Here’s a stomach-churning quote from The Eugenics Review, 1932: “East Africa [has] a heavily syphilized native population”, where tests suggest that “not less than 60 per cent. to 70 per cent. of the general native population” have some kind of sexually transmitted disease.
At that time, several conditions were mistaken for syphilis (or other STIs). For example, yaws and endemic syphilis, neither of which are sexually transmitted. Prejudices about ‘African’ sexual behavior were used to prop up beliefs about prevalence of STIs (and prejudices about STIs proped up beliefs about sexual behavior).
You might think that things would have moved on a bit, what with eugenics no longer having the cache it had in the thirties, right? But the received view of HIV in high prevalence countries is that 80-90% of transmission is a result of sexual behavior, mostly heterosexual behavior.
From this ‘expert’ opinion about ‘Africa’, it is assumed that high HIV prevalence indicates high rates of ‘unsafe’ sexual behavior, and that high rates of ‘unsafe’ sexual behavior (or rates that are assumed to be high) indicates high HIV prevalence, or that prevalence will reach high levels in the foreseeable. It’s pretty easy to spot the pig-headed circularity in the argument.
So, how far have we moved on 80 years after the Eugenics Review quote, above? Here’s Catherine Hankins, from the Amsterdam Institute for Global Health and Development (formerly a senior officer in UNAIDS):
As Hankins surmises, in some cultures what you do with your sexual partners over time is different. In the West we tend to be serially monogamous.
In Africa, if you’ve had sex with someone at some point, the door isn’t considered closed on picking up on that relationship again.
“Take a middle-class African businessman. He has had five women – nothing excessive. But the pattern we find is that he has a wife. He also has an on-off affair with an office colleague. He also has what the French call a ‘deuxième bureau’ – a mistress who might have a child. And once a year he goes back to his home village and has sex with his original village sweetheart. Then he gets HIV from a bar girl on a business trip.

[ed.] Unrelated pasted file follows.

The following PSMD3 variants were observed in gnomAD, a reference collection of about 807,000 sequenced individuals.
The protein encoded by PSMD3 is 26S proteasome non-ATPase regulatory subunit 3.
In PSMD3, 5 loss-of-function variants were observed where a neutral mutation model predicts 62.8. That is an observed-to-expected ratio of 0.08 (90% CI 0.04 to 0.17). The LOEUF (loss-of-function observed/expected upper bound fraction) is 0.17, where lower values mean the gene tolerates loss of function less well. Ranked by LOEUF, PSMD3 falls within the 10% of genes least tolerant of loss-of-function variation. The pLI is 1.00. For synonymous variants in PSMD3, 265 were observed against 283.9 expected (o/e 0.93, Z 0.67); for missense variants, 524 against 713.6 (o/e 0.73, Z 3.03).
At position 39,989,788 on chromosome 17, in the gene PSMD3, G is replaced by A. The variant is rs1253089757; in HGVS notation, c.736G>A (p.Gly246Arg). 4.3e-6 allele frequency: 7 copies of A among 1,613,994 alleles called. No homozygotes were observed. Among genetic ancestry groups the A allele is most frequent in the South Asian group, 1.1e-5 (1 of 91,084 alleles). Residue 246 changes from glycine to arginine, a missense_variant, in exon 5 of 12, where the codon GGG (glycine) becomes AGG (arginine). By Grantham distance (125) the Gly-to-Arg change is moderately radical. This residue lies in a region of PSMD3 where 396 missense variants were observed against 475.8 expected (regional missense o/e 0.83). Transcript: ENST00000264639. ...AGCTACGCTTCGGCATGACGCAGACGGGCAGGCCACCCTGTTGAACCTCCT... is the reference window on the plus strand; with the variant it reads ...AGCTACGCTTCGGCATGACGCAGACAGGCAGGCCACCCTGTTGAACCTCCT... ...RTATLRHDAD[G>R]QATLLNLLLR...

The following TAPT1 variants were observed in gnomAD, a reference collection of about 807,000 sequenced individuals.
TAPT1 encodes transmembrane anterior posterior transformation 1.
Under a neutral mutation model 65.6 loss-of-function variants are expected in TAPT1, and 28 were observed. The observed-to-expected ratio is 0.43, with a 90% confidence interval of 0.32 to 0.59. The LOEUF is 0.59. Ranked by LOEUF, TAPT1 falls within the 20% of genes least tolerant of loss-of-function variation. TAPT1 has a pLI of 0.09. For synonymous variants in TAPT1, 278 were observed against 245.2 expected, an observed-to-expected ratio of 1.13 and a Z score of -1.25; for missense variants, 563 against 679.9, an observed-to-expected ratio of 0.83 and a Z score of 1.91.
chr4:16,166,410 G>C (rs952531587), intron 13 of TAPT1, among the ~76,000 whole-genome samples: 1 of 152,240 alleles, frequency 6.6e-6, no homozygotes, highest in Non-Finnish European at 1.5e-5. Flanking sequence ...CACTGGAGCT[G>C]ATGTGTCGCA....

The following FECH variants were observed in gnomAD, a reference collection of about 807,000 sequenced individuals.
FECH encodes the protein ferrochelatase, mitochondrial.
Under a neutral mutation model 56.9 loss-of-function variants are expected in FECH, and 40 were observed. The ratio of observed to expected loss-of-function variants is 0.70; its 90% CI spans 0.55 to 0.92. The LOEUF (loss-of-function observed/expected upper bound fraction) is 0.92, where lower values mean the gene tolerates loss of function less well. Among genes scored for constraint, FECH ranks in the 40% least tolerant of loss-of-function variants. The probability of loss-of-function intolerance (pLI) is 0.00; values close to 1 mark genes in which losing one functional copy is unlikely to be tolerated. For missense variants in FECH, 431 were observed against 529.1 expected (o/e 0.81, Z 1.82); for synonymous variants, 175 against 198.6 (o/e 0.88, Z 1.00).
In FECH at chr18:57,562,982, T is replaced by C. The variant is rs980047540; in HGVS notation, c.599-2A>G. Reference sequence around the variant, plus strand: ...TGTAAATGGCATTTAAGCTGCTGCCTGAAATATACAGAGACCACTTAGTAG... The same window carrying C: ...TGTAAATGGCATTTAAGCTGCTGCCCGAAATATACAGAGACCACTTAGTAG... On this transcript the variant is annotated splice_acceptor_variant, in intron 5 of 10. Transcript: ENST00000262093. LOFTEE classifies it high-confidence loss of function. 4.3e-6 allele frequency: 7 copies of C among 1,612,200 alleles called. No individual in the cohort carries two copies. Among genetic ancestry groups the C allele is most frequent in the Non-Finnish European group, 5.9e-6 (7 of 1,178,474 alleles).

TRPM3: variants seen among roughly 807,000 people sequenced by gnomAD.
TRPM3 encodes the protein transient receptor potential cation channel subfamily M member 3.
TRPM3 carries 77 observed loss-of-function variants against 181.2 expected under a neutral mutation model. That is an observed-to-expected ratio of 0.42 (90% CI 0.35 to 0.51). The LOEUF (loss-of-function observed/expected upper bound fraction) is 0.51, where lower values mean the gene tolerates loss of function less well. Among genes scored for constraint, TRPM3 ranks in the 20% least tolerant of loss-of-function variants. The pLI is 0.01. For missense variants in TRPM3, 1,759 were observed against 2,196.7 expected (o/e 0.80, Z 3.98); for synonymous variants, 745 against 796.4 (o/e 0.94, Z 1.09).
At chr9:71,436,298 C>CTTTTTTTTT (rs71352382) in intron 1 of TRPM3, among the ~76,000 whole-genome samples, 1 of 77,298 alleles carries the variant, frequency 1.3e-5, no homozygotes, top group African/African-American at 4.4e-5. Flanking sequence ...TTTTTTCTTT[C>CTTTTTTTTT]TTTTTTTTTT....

“Within a year he may have infected four other women. Now, if I’ve had five sexual partners and catch HIV from the fifth, as a western woman I’m unlikely to return to the other four and infect them!”
You might object that it is unfair to criticize what is clearly just an opinion, however ‘expert’. But policy is based on such opinions, HIV programs are guided by them, enormous amounts of money are spent (entirely in vain) on them. Worse still, the scientific data so assiduously collected shows that Hankins is as wrong as the eugenicists. Ostensibly, at least, Hankins was responding to scientific findings, published in a scientific journal, not to someone’s opinion.
You can look through any Demographic and Health Survey you like, where you will find numerous tables about sexual behavior, family life, people’s ability to recall selective tidbits about HIV, etc, but you will not find a country where a large number of people have lots of sexual partners, or engage in sexual activities considered to be unsafe.
In addition, the circularity mentioned above comes across very clearly in Hankins’ invective: HIV prevalence is high because rates of ‘unsafe’ sexual behavior are high, and we know about sexual behavior because HIV prevalence is high. Hankins clearly believes all these prejudices that she expresses about sexual behavior among ‘Africans’!
Three countries account for about one third of all HIV positive people, globally; South Africa (6.8m), Nigeria (3.2m) and India (2m). The same three countries also accounted for more than half of all aids-related deaths in the past few years. It is notable that prevalence is low in India, at less than 0.3%. This compares to about 3% prevalence in Nigeria, and about 19% in South Africa, more than 60 times higher than in India (and it can rise to well over 100 times higher in certain demographics).
Whatever is behind the huge rates of HIV transmission in these countries, which tend to be concentrated in certain geographical areas and populations, it is likely to be something that is amenable to scrutiny, whether it involves the copious quantities of sex that UNAIDS would claim, or something else, for example, dangerously low standards of hygiene and infection control in some health facilities.
Hankins seems intent on mimicking the media approach to HIV, concentrating on relatively rare and infrequent phenomena (deliberate transmission, ‘virgin cures’, fake healers, ‘traditional’ practices, etc), but failing to notice the appalling conditions in healthcare in some of the areas worst hit by HIV. What is it that is deflecting attention from everyday phenomena, allowing such extreme views to prevail, but failing to reduce infections in the worst hit areas?